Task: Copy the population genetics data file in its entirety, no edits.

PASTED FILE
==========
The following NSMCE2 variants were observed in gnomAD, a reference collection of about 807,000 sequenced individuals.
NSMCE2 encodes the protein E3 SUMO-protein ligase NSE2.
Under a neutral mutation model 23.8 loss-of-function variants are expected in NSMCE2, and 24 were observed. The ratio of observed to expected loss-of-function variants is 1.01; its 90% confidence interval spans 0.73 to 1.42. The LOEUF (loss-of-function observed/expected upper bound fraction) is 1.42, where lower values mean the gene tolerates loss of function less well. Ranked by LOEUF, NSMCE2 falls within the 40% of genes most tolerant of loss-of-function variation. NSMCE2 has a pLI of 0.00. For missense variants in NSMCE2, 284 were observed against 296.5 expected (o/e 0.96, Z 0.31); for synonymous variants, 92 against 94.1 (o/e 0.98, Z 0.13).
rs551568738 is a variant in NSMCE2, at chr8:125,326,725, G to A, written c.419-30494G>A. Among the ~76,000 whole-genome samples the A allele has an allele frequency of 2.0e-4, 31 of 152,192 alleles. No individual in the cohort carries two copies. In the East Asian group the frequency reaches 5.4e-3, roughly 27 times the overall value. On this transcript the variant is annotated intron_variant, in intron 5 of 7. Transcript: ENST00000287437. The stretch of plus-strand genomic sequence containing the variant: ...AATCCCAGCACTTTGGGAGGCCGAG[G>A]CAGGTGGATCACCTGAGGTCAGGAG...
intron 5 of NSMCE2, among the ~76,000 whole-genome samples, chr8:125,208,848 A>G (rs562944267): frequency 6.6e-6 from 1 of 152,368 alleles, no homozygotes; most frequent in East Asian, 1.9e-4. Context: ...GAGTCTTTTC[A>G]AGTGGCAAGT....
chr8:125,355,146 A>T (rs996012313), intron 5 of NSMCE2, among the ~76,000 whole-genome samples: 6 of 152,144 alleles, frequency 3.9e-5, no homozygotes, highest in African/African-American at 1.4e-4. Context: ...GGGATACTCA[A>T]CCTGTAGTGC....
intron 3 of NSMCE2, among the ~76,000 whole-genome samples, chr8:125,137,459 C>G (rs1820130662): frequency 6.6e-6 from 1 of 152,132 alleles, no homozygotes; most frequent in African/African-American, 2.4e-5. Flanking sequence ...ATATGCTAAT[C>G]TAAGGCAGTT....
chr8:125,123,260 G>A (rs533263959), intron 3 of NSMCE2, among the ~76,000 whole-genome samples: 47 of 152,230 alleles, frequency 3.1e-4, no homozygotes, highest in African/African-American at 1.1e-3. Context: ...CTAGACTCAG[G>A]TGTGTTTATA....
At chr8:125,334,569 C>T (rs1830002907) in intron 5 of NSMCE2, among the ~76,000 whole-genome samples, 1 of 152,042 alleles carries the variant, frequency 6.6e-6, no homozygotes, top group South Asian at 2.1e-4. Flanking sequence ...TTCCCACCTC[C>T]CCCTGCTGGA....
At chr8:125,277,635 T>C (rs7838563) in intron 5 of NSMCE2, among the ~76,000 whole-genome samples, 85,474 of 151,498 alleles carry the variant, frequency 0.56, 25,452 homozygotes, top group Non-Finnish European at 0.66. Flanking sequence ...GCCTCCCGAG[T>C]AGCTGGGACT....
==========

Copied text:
The following NSMCE2 variants were observed in gnomAD, a reference collection of about 807,000 sequenced individuals.
NSMCE2 encodes the protein E3 SUMO-protein ligase NSE2.
Under a neutral mutation model 23.8 loss-of-function variants are expected in NSMCE2, and 24 were observed. The ratio of observed to expected loss-of-function variants is 1.01; its 90% confidence interval spans 0.73 to 1.42. The LOEUF (loss-of-function observed/expected upper bound fraction) is 1.42, where lower values mean the gene tolerates loss of function less well. Ranked by LOEUF, NSMCE2 falls within the 40% of genes most tolerant of loss-of-function variation. NSMCE2 has a pLI of 0.00. For missense variants in NSMCE2, 284 were observed against 296.5 expected (o/e 0.96, Z 0.31); for synonymous variants, 92 against 94.1 (o/e 0.98, Z 0.13).
rs551568738 is a variant in NSMCE2, at chr8:125,326,725, G to A, written c.419-30494G>A. Among the ~76,000 whole-genome samples the A allele has an allele frequency of 2.0e-4, 31 of 152,192 alleles. No individual in the cohort carries two copies. In the East Asian group the frequency reaches 5.4e-3, roughly 27 times the overall value. On this transcript the variant is annotated intron_variant, in intron 5 of 7. Transcript: ENST00000287437. The stretch of plus-strand genomic sequence containing the variant: ...AATCCCAGCACTTTGGGAGGCCGAG[G>A]CAGGTGGATCACCTGAGGTCAGGAG...
intron 5 of NSMCE2, among the ~76,000 whole-genome samples, chr8:125,208,848 A>G (rs562944267): frequency 6.6e-6 from 1 of 152,368 alleles, no homozygotes; most frequent in East Asian, 1.9e-4. Context: ...GAGTCTTTTC[A>G]AGTGGCAAGT....
chr8:125,355,146 A>T (rs996012313), intron 5 of NSMCE2, among the ~76,000 whole-genome samples: 6 of 152,144 alleles, frequency 3.9e-5, no homozygotes, highest in African/African-American at 1.4e-4. Context: ...GGGATACTCA[A>T]CCTGTAGTGC....
intron 3 of NSMCE2, among the ~76,000 whole-genome samples, chr8:125,137,459 C>G (rs1820130662): frequency 6.6e-6 from 1 of 152,132 alleles, no homozygotes; most frequent in African/African-American, 2.4e-5. Flanking sequence ...ATATGCTAAT[C>G]TAAGGCAGTT....
chr8:125,123,260 G>A (rs533263959), intron 3 of NSMCE2, among the ~76,000 whole-genome samples: 47 of 152,230 alleles, frequency 3.1e-4, no homozygotes, highest in African/African-American at 1.1e-3. Context: ...CTAGACTCAG[G>A]TGTGTTTATA....
At chr8:125,334,569 C>T (rs1830002907) in intron 5 of NSMCE2, among the ~76,000 whole-genome samples, 1 of 152,042 alleles carries the variant, frequency 6.6e-6, no homozygotes, top group South Asian at 2.1e-4. Flanking sequence ...TTCCCACCTC[C>T]CCCTGCTGGA....
At chr8:125,277,635 T>C (rs7838563) in intron 5 of NSMCE2, among the ~76,000 whole-genome samples, 85,474 of 151,498 alleles carry the variant, frequency 0.56, 25,452 homozygotes, top group Non-Finnish European at 0.66. Flanking sequence ...GCCTCCCGAG[T>C]AGCTGGGACT....